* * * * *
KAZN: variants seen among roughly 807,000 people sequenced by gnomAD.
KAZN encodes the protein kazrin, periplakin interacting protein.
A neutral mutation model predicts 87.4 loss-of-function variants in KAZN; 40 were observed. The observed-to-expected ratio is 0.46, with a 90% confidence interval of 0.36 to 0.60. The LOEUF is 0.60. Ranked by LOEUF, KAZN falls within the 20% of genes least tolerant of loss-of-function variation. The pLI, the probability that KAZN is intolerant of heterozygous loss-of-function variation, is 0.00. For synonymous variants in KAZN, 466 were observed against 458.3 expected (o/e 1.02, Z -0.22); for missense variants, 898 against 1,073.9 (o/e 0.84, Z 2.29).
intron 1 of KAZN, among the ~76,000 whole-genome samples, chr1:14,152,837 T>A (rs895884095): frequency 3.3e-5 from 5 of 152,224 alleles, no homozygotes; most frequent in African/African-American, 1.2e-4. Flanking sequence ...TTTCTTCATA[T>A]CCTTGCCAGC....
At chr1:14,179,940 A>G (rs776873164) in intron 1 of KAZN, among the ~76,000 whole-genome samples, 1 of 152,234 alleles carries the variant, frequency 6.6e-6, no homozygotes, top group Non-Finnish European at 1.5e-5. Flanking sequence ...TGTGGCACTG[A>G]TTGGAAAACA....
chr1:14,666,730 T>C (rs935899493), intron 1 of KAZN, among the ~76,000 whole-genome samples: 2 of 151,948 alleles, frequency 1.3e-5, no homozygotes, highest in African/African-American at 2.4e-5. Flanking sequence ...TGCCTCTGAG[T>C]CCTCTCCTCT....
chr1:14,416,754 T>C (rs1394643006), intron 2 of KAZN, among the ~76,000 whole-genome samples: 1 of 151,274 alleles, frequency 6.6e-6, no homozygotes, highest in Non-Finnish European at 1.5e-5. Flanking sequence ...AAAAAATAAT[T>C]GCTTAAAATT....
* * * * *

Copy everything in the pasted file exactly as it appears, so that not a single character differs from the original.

KAZN: variants seen among roughly 807,000 people sequenced by gnomAD.
KAZN encodes the protein kazrin, periplakin interacting protein.
A neutral mutation model predicts 87.4 loss-of-function variants in KAZN; 40 were observed. The observed-to-expected ratio is 0.46, with a 90% confidence interval of 0.36 to 0.60. The LOEUF is 0.60. Ranked by LOEUF, KAZN falls within the 20% of genes least tolerant of loss-of-function variation. The pLI, the probability that KAZN is intolerant of heterozygous loss-of-function variation, is 0.00. For synonymous variants in KAZN, 466 were observed against 458.3 expected (o/e 1.02, Z -0.22); for missense variants, 898 against 1,073.9 (o/e 0.84, Z 2.29).
intron 1 of KAZN, among the ~76,000 whole-genome samples, chr1:14,152,837 T>A (rs895884095): frequency 3.3e-5 from 5 of 152,224 alleles, no homozygotes; most frequent in African/African-American, 1.2e-4. Flanking sequence ...TTTCTTCATA[T>A]CCTTGCCAGC....
At chr1:14,179,940 A>G (rs776873164) in intron 1 of KAZN, among the ~76,000 whole-genome samples, 1 of 152,234 alleles carries the variant, frequency 6.6e-6, no homozygotes, top group Non-Finnish European at 1.5e-5. Flanking sequence ...TGTGGCACTG[A>G]TTGGAAAACA....
chr1:14,666,730 T>C (rs935899493), intron 1 of KAZN, among the ~76,000 whole-genome samples: 2 of 151,948 alleles, frequency 1.3e-5, no homozygotes, highest in African/African-American at 2.4e-5. Flanking sequence ...TGCCTCTGAG[T>C]CCTCTCCTCT....
chr1:14,416,754 T>C (rs1394643006), intron 2 of KAZN, among the ~76,000 whole-genome samples: 1 of 151,274 alleles, frequency 6.6e-6, no homozygotes, highest in Non-Finnish European at 1.5e-5. Flanking sequence ...AAAAAATAAT[T>C]GCTTAAAATT....